Just when all looked depleted, when the only source of intrigue for the Ohio State game was going to be the margin of defeat, Michigan lifted a moribund season from its already-constructed grave. In the process, it instilled just a kernel of that pesky, pesky thing called hope.
To be clear, the odds of an upset Saturday against the Buckeyes remain quite slim. They’re the No. 2 team in the nation, with one of the most prolific offenses of the last decade, for a reason. The Wolverines can be good — like, really good — and still lose by double-digits.
But there’s a path, however narrow, to Michigan winning The Game for just the second time in 16 years. A path to flip narratives and alter the rivalry.
That path begins with eliminating mistakes entirely. It sounds redundant and lazy: Play with no mistakes, and you’ll win. But you likely know the mistakes to which I’m referring.
People remember the 2016 game for one infamous (or famous, depending upon your perspective) spot, but the play before was a crucial defensive lapse. The Michigan defense let Curtis Samuel from its grasp, turning a would-be massive loss into a fourth-and-manageable situation. Only then did Barrett’s quarterback draw come into play.
In 2017, Josh Metellus dropped an easy interception up 14-0 in the second quarter. Ohio State subsequently scored 14 unanswered points, eventually pulling away for a 31-20 win. In 2018, tight end Zach Gentry dropped three passes, including a would-be touchdown that would’ve given his team a 10-7 lead, forcing them to settle for a field goal.
These are memorable snapshots of a larger point: When you’re playing a more talented team, one self-inflicted wound can be a death knell. This defense, Metellus in particular, harps on the word “execution” to a tedious degree, and in some ways it’s an empty cliche. But it’s also synonymous with the attention to detail required to stay in this game. Michigan cannot afford to lose the turnover battle, commit senseless penalties, make special teams errors — anything of the kind.
It must play a perfect game.
Michigan’s defense isn’t going to shut down Ohio State; it can’t give up 62 points again, either. If the Wolverines are going to win this game, they’ll have to win it in the 30s or 40s. Doing so requires an offense that can keep pace — take a blow on one possession, then turn around and deliver it on the next.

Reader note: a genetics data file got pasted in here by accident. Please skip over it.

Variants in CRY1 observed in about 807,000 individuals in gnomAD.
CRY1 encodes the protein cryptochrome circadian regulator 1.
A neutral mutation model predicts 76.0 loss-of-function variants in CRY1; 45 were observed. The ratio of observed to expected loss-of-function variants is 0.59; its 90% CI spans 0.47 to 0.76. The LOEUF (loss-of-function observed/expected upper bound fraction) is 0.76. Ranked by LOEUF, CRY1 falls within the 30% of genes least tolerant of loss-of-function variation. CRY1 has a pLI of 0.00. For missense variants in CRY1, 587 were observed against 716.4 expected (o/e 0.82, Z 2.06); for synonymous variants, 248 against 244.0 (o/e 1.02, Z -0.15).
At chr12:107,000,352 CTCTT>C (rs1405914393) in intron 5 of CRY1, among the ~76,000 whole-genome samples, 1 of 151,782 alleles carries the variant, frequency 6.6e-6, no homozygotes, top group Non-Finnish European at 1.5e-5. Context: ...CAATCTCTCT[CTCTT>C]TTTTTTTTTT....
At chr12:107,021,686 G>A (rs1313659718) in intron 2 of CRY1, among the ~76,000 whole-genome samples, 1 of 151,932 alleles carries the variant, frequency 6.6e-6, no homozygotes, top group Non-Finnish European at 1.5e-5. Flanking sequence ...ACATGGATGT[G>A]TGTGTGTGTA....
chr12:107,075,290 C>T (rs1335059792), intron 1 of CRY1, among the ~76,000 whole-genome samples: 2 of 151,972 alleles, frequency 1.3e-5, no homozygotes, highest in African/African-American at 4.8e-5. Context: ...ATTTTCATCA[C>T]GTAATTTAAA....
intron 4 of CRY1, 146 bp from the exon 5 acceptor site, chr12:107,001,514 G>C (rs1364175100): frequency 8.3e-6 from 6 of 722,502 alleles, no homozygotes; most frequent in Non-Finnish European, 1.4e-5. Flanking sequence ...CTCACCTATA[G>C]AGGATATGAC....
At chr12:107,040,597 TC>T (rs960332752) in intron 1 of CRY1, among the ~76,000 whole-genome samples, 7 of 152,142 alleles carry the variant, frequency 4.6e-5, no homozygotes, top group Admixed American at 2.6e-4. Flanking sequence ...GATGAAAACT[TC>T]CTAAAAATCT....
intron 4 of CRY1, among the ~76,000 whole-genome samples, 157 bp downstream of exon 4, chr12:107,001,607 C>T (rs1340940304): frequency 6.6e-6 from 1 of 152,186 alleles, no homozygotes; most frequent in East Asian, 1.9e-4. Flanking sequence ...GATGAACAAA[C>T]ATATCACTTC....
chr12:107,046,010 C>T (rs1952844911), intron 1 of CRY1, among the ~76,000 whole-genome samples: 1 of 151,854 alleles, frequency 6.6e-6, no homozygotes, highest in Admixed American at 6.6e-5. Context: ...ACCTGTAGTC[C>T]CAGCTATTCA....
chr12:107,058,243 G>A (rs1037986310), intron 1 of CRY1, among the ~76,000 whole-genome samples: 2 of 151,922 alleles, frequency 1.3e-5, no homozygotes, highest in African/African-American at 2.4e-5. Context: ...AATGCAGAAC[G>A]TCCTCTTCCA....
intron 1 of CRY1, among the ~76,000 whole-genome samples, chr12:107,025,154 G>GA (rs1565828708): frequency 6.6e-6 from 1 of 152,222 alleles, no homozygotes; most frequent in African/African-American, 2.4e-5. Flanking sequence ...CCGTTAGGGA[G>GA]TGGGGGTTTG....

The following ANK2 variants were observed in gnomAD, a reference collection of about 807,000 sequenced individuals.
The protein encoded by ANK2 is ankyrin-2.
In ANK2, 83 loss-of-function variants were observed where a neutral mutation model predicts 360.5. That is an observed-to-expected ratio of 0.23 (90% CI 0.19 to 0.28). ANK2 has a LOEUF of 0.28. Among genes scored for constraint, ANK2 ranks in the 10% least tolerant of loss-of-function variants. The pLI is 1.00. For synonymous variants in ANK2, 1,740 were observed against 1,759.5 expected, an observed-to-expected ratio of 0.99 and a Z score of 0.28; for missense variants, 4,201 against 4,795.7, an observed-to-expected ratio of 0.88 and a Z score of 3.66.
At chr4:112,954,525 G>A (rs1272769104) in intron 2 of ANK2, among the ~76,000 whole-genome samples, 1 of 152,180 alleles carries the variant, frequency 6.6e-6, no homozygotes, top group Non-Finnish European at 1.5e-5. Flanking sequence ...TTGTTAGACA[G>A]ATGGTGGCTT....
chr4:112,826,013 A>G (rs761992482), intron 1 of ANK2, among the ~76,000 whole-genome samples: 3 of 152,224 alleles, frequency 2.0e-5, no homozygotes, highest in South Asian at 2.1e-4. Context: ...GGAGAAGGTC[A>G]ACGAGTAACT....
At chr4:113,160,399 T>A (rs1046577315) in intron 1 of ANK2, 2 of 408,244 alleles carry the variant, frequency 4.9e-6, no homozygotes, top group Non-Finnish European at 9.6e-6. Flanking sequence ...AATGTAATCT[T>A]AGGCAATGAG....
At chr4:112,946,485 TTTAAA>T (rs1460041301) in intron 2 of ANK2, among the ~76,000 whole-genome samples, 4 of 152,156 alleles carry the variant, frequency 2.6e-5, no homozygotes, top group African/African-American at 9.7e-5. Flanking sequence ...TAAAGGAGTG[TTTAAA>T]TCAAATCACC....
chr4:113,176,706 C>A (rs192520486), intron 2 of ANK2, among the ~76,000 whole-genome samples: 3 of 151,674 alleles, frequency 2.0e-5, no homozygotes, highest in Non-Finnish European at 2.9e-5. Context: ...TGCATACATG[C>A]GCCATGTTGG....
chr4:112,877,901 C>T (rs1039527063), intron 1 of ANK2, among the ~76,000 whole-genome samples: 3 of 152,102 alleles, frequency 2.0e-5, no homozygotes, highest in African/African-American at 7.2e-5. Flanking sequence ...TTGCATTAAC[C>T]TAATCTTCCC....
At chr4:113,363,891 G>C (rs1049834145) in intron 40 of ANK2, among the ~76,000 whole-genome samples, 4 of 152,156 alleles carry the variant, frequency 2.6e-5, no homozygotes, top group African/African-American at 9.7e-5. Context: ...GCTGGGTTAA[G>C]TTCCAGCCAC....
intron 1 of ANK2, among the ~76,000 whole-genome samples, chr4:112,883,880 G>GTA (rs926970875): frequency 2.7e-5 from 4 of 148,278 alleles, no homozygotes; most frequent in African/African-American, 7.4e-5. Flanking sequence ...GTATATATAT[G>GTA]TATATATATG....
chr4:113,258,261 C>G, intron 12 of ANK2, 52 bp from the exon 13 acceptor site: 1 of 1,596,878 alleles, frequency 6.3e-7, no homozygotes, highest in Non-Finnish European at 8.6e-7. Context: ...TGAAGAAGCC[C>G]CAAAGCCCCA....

That was the biggest visceral difference last year. One offense moved down the field in chunks, using its athleticism to strain the defense. The other plodded down the field, unable to meet fire with fire. Michigan’s first two drives each exceeded 10 plays and churned five minutes of clock, despite amassing fewer than 55 yards. Each ended in field goals. Ohio State, meanwhile, had three touchdown drives in fewer than four minutes each. Suddenly, it was 21-6.
This Michigan offense has a firepower last year’s didn’t — and a quarterback absolutely dealing lately. Michigan’s averaged over 40 points and nearly 440 yards per game over the last six weeks. Senior quarterback Shea Patterson has elevated to a new level in that span, turning in back-to-back 350-plus-yard, four-plus-touchdown games. Michigan is only going to win this one if its offense rises to that threshold, matching Ohio State quarterback Justin Fields and his group throughout.
The ingredients are there.
But even if all goes according to plan — if the Wolverines play a crisp, mistake-free game beginning to end — they could still lose. That’s how good the Buckeyes are.
Which is why Michigan could sure use something weird. Something from the football gods to indicate that the unceasing destruction that has spanned the last two decades. Something like … 1 to 3 inches of snow tentatively in the forecast for the weekend.
Any factor that would ostensibly negate a factor other than “which team is better” provides a benefit.
Can Michigan play its cleanest game of the Harbaugh era? Can this offense truly keep pace with the best offense in the country? Can the Wolverines rely on divine intervention in the form of an opportune snowstorm?
Will that quiver of hope nagging at your psyche right now blossom into jubilation mere days from now?
The odds sure are better than they were a month ago.